Have you ever wondered what to do with your kids on a slow weekend when there’s nothing else going on? You could turn them loose on gaming devices and let them play away the hours, or look the other way while they text the latest gossip to school friends, exchange snapshots on Instagram, or head over to Facebook so everyone knows what they had for lunch. It may keep them occupied, but they’re empty hours, time that could be better spent engaging in fun educational activities that support what they’re learning in school.
The ideal scenario would be to intermix educational activities with school-based learning so that key concepts are reinforced. Also bolstered is rote learning, which, as Oxford Learning explains, helps kids develop foundational knowledge and the ability to quickly recall facts.
If you’re not sure how to go about it or what constitutes an educational activity, consider the following ideas:
Storytime With Apps
Parents should always make time for storytime! Reading stories helps kids build their literacy skills, fuel their imagination, boost their creativity, and they’re just plain fun. Plus, when you read a story using an app like Unuhi, your child gets access to a bilingual feature, which can be a helpful tool for learning another language. It’s a good idea to use a screen protector for your iPad to keep your device safe from scratches and to keep text and pictures visible on the screen.
The Alphabet in Pictures
For this activity, your kids will need to know how to use a basic point-and-click camera or your smartphone, if no cameras are available. Tell them to take pictures of everything from A to Z, and write down every object they photograph. It’s a good exercise for strengthening vocabulary and word-object association skills and, hopefully, instill an interest in photography. Make a game of it with the promise of a special sweet treat for everyone who gets through the entire alphabet.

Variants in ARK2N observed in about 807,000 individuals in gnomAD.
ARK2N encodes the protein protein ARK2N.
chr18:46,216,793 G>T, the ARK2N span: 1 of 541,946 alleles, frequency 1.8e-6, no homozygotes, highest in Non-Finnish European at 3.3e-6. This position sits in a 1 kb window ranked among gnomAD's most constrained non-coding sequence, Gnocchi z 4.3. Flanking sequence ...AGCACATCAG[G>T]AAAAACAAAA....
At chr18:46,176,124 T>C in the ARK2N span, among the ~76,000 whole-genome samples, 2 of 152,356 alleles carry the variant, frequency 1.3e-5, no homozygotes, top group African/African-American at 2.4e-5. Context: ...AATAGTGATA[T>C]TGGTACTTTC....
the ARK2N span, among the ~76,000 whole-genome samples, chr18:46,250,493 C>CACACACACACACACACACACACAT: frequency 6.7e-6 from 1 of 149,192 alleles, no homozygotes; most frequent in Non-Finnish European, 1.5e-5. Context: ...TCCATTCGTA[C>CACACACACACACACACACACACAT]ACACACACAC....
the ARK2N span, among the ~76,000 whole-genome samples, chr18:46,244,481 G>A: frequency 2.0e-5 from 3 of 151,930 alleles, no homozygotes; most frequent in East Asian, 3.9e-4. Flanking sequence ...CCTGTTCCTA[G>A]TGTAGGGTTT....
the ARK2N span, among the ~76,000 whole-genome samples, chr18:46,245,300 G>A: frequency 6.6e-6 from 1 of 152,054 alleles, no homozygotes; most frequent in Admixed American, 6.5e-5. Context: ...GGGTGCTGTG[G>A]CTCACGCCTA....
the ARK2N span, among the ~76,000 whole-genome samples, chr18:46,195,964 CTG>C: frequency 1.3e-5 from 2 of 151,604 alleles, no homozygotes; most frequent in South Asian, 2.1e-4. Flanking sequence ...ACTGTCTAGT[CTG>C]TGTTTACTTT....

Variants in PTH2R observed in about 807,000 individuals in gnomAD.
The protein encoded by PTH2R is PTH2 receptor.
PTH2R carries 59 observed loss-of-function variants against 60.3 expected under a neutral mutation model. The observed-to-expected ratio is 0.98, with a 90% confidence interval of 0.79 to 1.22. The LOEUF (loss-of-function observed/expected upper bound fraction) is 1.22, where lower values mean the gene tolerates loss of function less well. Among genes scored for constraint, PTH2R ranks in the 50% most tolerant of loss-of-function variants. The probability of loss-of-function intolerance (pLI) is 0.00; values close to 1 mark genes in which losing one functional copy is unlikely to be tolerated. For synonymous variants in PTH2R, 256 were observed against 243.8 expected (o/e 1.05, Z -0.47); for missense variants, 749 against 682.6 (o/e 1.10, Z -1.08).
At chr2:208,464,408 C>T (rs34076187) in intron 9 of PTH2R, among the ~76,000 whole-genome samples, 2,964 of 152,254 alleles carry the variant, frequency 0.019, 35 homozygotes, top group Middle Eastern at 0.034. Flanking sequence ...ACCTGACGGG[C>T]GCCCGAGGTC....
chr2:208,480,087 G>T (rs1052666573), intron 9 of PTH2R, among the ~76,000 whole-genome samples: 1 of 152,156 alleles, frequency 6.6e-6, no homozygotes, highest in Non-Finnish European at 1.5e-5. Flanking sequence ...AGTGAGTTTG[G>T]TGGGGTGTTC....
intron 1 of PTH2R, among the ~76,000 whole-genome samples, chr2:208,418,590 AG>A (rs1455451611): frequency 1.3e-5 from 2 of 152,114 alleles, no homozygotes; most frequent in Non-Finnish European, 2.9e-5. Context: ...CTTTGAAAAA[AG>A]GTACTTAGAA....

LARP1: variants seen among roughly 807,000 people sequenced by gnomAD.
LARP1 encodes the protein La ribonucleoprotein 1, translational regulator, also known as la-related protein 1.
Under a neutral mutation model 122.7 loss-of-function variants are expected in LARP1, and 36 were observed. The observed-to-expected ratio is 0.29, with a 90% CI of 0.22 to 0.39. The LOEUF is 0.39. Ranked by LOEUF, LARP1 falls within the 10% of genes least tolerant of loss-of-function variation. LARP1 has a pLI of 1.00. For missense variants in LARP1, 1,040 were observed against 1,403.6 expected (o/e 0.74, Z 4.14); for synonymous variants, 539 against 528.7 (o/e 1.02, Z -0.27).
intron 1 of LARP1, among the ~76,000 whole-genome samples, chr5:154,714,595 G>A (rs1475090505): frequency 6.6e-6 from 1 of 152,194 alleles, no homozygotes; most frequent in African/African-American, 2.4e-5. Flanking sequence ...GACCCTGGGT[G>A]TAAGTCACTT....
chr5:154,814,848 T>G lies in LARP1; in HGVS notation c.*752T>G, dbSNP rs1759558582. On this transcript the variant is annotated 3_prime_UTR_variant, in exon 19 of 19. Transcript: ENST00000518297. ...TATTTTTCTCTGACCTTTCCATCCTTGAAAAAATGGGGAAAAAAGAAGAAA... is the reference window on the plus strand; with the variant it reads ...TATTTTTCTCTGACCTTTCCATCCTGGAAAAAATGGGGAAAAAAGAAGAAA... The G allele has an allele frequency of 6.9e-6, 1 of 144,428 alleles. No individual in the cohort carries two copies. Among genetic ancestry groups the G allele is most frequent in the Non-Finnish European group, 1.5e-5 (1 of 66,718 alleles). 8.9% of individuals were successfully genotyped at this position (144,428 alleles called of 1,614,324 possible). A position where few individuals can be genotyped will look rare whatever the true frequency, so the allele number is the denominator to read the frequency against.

The more you can couple learning with physical activity, the more likely you are to engage a child’s interest, according to Parenting Science. It’s also a good way to let them burn off some pent-up energy. Young ones love to play games with balloons, so hang a piece of string or twine across the family room or basement for a game of balloon volleyball — the kids will be squealing with delight in no time.
There’s nothing quite like a good old-fashioned scavenger hunt, a great way to teach kids to follow instructions. They’ll also enjoy playing their own homemade musical instruments. Get out some wooden or plastic spoons and those old cooking pots and plastic beach buckets, and record your little ones as they rock out on their favorite tunes. (But be sure to keep the Ibuprofen handy!)
A surprising amount of people (adults included) lack knowledge of basic geography; don’t let that happen with your kids. Cut out pieces of colored paper in the shape of the seven continents, and using a smaller piece of paper, cut out the shape of an airplane. Then, place the names of each continent on a small piece of paper, put them in a large glass or bowl, have each kid pick a continent, and have them put the paper plane on the appropriate space.
Make Your Own Lava
If the kids think volcanoes are cool, they’d probably jump at a chance to make their own lava. For this one, all you need is a tall drinking glass or beaker, vegetable oil, water, some food coloring, and a couple teaspoons of salt. Fill the glass about three-quarters full of water, followed by several drops of food coloring (whatever color you like) and a quarter cup of vegetable oil. The oil will float to the top of the glass. Then, sprinkle two teaspoons of salt onto the oil to create colorful globs of “lava.”
Adding salt will keep the process going. It’s a pretty cool rudimentary chemistry experiment, one that teaches kids about the different properties of common substances. The oil floats, because it’s lighter than water. The salt is heavier, so it will sink into the water along with some oil, but when the salt dissolves, the oil it dragged down floats back to the top.
Despite a mild revulsion toward schoolwork, children actually enjoy learning new stuff, especially when it has a definite “cool” factor. You can stimulate their curiosity with easy yet educational activities that cost nearly nothing to put together. That’s a blessing on a lazy Saturday or Sunday when there isn’t much going on.
Courtesy of Pixabay